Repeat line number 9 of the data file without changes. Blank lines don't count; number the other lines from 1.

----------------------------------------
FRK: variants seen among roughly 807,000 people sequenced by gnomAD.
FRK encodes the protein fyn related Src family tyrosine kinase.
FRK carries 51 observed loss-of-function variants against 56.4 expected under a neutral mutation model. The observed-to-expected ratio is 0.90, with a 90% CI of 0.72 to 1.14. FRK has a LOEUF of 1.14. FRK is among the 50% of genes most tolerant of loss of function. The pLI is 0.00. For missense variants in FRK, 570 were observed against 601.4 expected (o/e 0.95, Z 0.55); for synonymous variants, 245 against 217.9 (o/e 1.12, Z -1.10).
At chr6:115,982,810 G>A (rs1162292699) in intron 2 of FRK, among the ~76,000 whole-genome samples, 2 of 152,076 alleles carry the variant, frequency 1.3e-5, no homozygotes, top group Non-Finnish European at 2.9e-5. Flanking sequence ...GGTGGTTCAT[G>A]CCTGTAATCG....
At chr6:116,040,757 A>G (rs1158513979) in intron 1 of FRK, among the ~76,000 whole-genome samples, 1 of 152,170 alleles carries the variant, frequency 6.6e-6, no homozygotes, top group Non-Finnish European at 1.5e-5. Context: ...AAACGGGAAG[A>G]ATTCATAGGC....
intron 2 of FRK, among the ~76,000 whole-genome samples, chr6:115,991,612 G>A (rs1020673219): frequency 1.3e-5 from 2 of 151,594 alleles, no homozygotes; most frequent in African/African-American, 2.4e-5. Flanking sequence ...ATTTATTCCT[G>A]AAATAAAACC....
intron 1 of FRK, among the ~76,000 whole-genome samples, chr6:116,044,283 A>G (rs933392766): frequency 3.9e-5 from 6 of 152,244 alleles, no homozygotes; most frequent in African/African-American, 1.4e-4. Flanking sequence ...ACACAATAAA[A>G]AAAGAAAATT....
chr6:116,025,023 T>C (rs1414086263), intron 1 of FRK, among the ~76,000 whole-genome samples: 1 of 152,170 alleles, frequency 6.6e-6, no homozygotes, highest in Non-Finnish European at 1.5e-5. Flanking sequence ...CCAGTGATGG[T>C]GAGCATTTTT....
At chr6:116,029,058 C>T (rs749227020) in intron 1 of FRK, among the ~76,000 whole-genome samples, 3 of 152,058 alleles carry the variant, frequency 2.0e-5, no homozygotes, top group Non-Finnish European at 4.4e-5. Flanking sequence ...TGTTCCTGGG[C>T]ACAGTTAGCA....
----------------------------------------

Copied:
At chr6:116,029,058 C>T (rs749227020) in intron 1 of FRK, among the ~76,000 whole-genome samples, 3 of 152,058 alleles carry the variant, frequency 2.0e-5, no homozygotes, top group Non-Finnish European at 4.4e-5. Flanking sequence ...TGTTCCTGGG[C>T]ACAGTTAGCA....